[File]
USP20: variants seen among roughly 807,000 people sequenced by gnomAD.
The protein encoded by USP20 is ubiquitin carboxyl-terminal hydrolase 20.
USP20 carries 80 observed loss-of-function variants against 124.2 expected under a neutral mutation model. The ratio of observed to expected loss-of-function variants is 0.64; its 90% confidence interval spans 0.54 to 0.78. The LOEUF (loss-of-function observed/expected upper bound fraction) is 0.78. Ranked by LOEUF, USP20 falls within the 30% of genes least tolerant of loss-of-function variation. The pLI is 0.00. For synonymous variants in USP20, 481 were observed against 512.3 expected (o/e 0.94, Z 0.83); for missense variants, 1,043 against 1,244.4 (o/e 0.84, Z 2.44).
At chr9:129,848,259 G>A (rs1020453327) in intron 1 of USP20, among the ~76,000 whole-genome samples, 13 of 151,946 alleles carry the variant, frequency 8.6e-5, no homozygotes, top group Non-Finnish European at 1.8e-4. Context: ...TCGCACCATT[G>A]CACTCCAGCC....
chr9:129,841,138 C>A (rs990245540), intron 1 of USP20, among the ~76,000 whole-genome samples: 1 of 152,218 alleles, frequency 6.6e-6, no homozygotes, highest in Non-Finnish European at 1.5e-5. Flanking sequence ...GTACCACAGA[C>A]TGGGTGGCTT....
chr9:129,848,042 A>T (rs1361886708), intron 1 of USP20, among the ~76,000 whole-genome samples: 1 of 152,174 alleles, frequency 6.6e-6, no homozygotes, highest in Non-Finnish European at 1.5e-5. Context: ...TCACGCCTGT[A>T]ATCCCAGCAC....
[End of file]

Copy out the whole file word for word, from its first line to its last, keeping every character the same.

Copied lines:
USP20: variants seen among roughly 807,000 people sequenced by gnomAD.
The protein encoded by USP20 is ubiquitin carboxyl-terminal hydrolase 20.
USP20 carries 80 observed loss-of-function variants against 124.2 expected under a neutral mutation model. The ratio of observed to expected loss-of-function variants is 0.64; its 90% confidence interval spans 0.54 to 0.78. The LOEUF (loss-of-function observed/expected upper bound fraction) is 0.78. Ranked by LOEUF, USP20 falls within the 30% of genes least tolerant of loss-of-function variation. The pLI is 0.00. For synonymous variants in USP20, 481 were observed against 512.3 expected (o/e 0.94, Z 0.83); for missense variants, 1,043 against 1,244.4 (o/e 0.84, Z 2.44).
At chr9:129,848,259 G>A (rs1020453327) in intron 1 of USP20, among the ~76,000 whole-genome samples, 13 of 151,946 alleles carry the variant, frequency 8.6e-5, no homozygotes, top group Non-Finnish European at 1.8e-4. Context: ...TCGCACCATT[G>A]CACTCCAGCC....
chr9:129,841,138 C>A (rs990245540), intron 1 of USP20, among the ~76,000 whole-genome samples: 1 of 152,218 alleles, frequency 6.6e-6, no homozygotes, highest in Non-Finnish European at 1.5e-5. Flanking sequence ...GTACCACAGA[C>A]TGGGTGGCTT....
chr9:129,848,042 A>T (rs1361886708), intron 1 of USP20, among the ~76,000 whole-genome samples: 1 of 152,174 alleles, frequency 6.6e-6, no homozygotes, highest in Non-Finnish European at 1.5e-5. Context: ...TCACGCCTGT[A>T]ATCCCAGCAC....